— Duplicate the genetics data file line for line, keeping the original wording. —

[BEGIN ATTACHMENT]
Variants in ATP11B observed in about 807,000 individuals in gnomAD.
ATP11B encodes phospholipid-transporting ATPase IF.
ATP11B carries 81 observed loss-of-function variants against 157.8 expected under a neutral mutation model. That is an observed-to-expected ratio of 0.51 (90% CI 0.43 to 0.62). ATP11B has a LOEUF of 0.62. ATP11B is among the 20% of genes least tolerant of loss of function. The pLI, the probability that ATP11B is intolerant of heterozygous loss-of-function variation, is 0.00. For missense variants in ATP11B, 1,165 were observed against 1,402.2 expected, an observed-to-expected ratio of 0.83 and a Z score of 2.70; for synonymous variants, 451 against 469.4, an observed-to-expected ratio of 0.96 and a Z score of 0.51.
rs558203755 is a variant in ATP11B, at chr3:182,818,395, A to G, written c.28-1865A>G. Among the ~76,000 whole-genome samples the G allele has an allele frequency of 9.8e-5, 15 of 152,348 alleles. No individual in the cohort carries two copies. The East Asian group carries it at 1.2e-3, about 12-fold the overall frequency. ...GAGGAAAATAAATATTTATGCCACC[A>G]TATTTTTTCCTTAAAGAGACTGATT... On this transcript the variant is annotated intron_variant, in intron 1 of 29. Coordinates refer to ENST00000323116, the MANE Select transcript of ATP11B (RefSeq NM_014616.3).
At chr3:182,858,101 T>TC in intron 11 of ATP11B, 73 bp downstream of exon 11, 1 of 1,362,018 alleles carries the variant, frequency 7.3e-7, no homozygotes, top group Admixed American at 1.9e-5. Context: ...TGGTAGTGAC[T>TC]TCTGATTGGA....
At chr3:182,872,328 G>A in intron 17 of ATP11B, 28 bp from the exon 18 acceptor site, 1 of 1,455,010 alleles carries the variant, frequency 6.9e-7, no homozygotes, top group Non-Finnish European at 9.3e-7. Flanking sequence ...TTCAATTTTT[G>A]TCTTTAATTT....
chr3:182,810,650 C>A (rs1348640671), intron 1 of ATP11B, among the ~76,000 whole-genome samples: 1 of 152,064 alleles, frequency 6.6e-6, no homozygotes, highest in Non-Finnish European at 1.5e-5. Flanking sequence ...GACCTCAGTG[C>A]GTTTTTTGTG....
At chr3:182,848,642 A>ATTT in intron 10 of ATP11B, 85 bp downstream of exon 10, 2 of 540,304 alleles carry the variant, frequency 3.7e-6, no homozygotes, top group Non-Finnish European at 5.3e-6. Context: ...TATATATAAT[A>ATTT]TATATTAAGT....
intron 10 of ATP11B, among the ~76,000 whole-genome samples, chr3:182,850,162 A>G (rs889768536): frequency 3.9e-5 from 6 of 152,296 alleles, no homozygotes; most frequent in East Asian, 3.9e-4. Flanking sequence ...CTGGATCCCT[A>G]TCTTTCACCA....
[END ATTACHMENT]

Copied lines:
Variants in ATP11B observed in about 807,000 individuals in gnomAD.
ATP11B encodes phospholipid-transporting ATPase IF.
ATP11B carries 81 observed loss-of-function variants against 157.8 expected under a neutral mutation model. That is an observed-to-expected ratio of 0.51 (90% CI 0.43 to 0.62). ATP11B has a LOEUF of 0.62. ATP11B is among the 20% of genes least tolerant of loss of function. The pLI, the probability that ATP11B is intolerant of heterozygous loss-of-function variation, is 0.00. For missense variants in ATP11B, 1,165 were observed against 1,402.2 expected, an observed-to-expected ratio of 0.83 and a Z score of 2.70; for synonymous variants, 451 against 469.4, an observed-to-expected ratio of 0.96 and a Z score of 0.51.
rs558203755 is a variant in ATP11B, at chr3:182,818,395, A to G, written c.28-1865A>G. Among the ~76,000 whole-genome samples the G allele has an allele frequency of 9.8e-5, 15 of 152,348 alleles. No individual in the cohort carries two copies. The East Asian group carries it at 1.2e-3, about 12-fold the overall frequency. ...GAGGAAAATAAATATTTATGCCACC[A>G]TATTTTTTCCTTAAAGAGACTGATT... On this transcript the variant is annotated intron_variant, in intron 1 of 29. Coordinates refer to ENST00000323116, the MANE Select transcript of ATP11B (RefSeq NM_014616.3).
At chr3:182,858,101 T>TC in intron 11 of ATP11B, 73 bp downstream of exon 11, 1 of 1,362,018 alleles carries the variant, frequency 7.3e-7, no homozygotes, top group Admixed American at 1.9e-5. Context: ...TGGTAGTGAC[T>TC]TCTGATTGGA....
At chr3:182,872,328 G>A in intron 17 of ATP11B, 28 bp from the exon 18 acceptor site, 1 of 1,455,010 alleles carries the variant, frequency 6.9e-7, no homozygotes, top group Non-Finnish European at 9.3e-7. Flanking sequence ...TTCAATTTTT[G>A]TCTTTAATTT....
chr3:182,810,650 C>A (rs1348640671), intron 1 of ATP11B, among the ~76,000 whole-genome samples: 1 of 152,064 alleles, frequency 6.6e-6, no homozygotes, highest in Non-Finnish European at 1.5e-5. Flanking sequence ...GACCTCAGTG[C>A]GTTTTTTGTG....
At chr3:182,848,642 A>ATTT in intron 10 of ATP11B, 85 bp downstream of exon 10, 2 of 540,304 alleles carry the variant, frequency 3.7e-6, no homozygotes, top group Non-Finnish European at 5.3e-6. Context: ...TATATATAAT[A>ATTT]TATATTAAGT....
intron 10 of ATP11B, among the ~76,000 whole-genome samples, chr3:182,850,162 A>G (rs889768536): frequency 3.9e-5 from 6 of 152,296 alleles, no homozygotes; most frequent in East Asian, 3.9e-4. Flanking sequence ...CTGGATCCCT[A>G]TCTTTCACCA....